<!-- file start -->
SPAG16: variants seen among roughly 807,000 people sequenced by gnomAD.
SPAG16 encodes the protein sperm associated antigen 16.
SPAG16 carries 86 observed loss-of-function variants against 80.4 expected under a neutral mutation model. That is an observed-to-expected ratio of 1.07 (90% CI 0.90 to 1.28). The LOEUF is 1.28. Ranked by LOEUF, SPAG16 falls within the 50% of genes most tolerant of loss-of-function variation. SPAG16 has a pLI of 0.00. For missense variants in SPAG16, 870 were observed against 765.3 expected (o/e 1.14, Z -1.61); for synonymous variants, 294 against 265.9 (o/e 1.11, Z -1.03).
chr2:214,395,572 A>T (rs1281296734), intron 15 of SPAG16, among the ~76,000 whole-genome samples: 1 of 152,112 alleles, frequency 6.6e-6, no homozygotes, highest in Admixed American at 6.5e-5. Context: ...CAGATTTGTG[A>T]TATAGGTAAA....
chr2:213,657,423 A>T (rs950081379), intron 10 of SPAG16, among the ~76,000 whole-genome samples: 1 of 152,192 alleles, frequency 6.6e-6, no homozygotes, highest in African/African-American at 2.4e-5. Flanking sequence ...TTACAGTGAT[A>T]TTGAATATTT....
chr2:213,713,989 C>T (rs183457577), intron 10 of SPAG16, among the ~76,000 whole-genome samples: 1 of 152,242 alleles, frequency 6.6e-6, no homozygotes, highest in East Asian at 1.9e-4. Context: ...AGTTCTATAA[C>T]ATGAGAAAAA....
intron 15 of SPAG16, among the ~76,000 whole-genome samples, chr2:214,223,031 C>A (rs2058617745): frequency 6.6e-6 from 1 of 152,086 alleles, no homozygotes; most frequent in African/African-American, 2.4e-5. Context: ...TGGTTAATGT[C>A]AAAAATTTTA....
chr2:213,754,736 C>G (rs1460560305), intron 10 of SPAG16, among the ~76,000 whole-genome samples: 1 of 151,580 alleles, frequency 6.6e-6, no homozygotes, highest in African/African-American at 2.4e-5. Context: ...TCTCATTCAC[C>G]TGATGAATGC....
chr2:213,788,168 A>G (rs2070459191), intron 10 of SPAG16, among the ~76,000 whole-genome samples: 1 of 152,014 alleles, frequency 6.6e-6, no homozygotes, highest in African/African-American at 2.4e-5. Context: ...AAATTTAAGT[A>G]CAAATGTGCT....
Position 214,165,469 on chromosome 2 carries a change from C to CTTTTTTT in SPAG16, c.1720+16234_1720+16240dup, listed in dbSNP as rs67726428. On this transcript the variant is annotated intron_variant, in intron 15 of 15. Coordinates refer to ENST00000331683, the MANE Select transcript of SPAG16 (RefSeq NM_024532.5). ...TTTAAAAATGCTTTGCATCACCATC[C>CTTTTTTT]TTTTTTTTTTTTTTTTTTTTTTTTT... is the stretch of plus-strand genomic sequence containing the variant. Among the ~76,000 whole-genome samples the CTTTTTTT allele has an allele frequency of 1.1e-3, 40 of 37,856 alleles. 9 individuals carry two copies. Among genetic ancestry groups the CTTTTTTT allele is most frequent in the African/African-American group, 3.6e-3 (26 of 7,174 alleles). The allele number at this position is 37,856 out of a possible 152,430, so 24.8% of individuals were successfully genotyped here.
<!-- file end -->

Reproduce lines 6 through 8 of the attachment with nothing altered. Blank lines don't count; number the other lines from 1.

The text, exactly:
chr2:213,713,989 C>T (rs183457577), intron 10 of SPAG16, among the ~76,000 whole-genome samples: 1 of 152,242 alleles, frequency 6.6e-6, no homozygotes, highest in East Asian at 1.9e-4. Context: ...AGTTCTATAA[C>T]ATGAGAAAAA....
intron 15 of SPAG16, among the ~76,000 whole-genome samples, chr2:214,223,031 C>A (rs2058617745): frequency 6.6e-6 from 1 of 152,086 alleles, no homozygotes; most frequent in African/African-American, 2.4e-5. Context: ...TGGTTAATGT[C>A]AAAAATTTTA....
chr2:213,754,736 C>G (rs1460560305), intron 10 of SPAG16, among the ~76,000 whole-genome samples: 1 of 151,580 alleles, frequency 6.6e-6, no homozygotes, highest in African/African-American at 2.4e-5. Context: ...TCTCATTCAC[C>G]TGATGAATGC....